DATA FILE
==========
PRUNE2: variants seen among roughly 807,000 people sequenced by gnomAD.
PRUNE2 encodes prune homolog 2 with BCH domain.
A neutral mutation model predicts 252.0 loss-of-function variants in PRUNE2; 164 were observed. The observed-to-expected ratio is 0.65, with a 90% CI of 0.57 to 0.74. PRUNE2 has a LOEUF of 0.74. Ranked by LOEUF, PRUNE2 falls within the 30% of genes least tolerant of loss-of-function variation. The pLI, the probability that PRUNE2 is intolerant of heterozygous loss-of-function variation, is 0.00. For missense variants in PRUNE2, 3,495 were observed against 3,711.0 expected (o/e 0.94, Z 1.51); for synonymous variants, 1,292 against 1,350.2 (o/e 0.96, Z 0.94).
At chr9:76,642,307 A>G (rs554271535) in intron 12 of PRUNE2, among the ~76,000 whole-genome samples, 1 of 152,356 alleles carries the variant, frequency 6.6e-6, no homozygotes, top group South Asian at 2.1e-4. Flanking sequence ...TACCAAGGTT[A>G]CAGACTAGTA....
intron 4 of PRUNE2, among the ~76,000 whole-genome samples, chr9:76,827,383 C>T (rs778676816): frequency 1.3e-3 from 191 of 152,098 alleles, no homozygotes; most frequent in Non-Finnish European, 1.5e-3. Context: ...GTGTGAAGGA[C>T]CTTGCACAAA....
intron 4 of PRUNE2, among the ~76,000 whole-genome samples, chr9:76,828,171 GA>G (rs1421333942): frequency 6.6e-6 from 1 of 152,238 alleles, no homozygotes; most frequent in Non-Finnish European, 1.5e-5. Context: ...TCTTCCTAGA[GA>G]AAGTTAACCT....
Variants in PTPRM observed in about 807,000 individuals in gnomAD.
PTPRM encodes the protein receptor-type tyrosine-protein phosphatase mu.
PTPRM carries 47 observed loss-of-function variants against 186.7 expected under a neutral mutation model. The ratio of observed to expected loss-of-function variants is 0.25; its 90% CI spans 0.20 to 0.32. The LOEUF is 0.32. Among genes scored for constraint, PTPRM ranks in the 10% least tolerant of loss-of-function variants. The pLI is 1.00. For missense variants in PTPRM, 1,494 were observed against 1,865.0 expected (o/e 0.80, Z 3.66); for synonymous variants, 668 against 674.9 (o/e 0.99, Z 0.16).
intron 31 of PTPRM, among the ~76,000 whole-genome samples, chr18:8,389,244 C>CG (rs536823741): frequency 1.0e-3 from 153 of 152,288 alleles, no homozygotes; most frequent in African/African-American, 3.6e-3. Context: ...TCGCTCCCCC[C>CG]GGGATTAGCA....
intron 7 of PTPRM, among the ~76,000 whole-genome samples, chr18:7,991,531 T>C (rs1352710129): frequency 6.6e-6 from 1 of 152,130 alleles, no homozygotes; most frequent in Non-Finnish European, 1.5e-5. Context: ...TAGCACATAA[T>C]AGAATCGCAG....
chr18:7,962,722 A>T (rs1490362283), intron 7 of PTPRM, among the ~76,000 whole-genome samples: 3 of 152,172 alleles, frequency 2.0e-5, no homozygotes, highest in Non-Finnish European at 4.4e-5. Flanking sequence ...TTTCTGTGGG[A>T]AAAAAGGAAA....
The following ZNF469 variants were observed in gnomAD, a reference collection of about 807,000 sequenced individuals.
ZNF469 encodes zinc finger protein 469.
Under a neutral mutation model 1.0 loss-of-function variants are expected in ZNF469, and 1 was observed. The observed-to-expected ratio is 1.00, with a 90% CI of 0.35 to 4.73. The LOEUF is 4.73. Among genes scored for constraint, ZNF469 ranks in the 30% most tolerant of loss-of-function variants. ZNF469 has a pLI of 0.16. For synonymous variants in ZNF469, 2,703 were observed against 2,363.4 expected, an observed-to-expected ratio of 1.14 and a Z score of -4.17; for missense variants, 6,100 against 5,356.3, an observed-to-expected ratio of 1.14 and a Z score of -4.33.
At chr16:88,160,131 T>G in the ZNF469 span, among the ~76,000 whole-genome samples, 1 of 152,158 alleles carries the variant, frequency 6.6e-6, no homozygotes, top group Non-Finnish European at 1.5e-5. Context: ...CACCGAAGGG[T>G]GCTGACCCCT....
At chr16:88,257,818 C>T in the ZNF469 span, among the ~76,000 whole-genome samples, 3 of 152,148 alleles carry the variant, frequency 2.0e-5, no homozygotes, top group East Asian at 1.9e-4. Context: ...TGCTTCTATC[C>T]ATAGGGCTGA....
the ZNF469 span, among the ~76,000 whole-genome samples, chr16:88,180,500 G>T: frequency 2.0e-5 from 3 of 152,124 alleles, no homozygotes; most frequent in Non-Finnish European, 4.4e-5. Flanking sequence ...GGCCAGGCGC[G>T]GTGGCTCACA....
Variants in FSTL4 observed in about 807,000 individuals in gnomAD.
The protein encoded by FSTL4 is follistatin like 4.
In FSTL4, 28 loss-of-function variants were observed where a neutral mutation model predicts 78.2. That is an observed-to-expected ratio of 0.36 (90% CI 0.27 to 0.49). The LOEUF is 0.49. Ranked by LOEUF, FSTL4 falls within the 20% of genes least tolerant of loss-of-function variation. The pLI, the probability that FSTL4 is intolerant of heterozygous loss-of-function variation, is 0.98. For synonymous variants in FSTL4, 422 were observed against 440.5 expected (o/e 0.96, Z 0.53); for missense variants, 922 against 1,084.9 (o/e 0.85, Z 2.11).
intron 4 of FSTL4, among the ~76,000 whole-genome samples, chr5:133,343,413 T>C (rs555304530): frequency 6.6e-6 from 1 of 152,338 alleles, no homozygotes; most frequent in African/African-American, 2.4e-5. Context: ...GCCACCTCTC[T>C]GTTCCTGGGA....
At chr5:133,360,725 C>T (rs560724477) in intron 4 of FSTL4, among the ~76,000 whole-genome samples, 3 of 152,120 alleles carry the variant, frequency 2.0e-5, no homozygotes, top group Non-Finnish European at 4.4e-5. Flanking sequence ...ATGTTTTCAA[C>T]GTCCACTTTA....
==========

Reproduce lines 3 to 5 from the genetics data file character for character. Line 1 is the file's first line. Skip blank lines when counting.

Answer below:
A neutral mutation model predicts 252.0 loss-of-function variants in PRUNE2; 164 were observed. The observed-to-expected ratio is 0.65, with a 90% CI of 0.57 to 0.74. PRUNE2 has a LOEUF of 0.74. Ranked by LOEUF, PRUNE2 falls within the 30% of genes least tolerant of loss-of-function variation. The pLI, the probability that PRUNE2 is intolerant of heterozygous loss-of-function variation, is 0.00. For missense variants in PRUNE2, 3,495 were observed against 3,711.0 expected (o/e 0.94, Z 1.51); for synonymous variants, 1,292 against 1,350.2 (o/e 0.96, Z 0.94).
At chr9:76,642,307 A>G (rs554271535) in intron 12 of PRUNE2, among the ~76,000 whole-genome samples, 1 of 152,356 alleles carries the variant, frequency 6.6e-6, no homozygotes, top group South Asian at 2.1e-4. Flanking sequence ...TACCAAGGTT[A>G]CAGACTAGTA....
intron 4 of PRUNE2, among the ~76,000 whole-genome samples, chr9:76,827,383 C>T (rs778676816): frequency 1.3e-3 from 191 of 152,098 alleles, no homozygotes; most frequent in Non-Finnish European, 1.5e-3. Context: ...GTGTGAAGGA[C>T]CTTGCACAAA....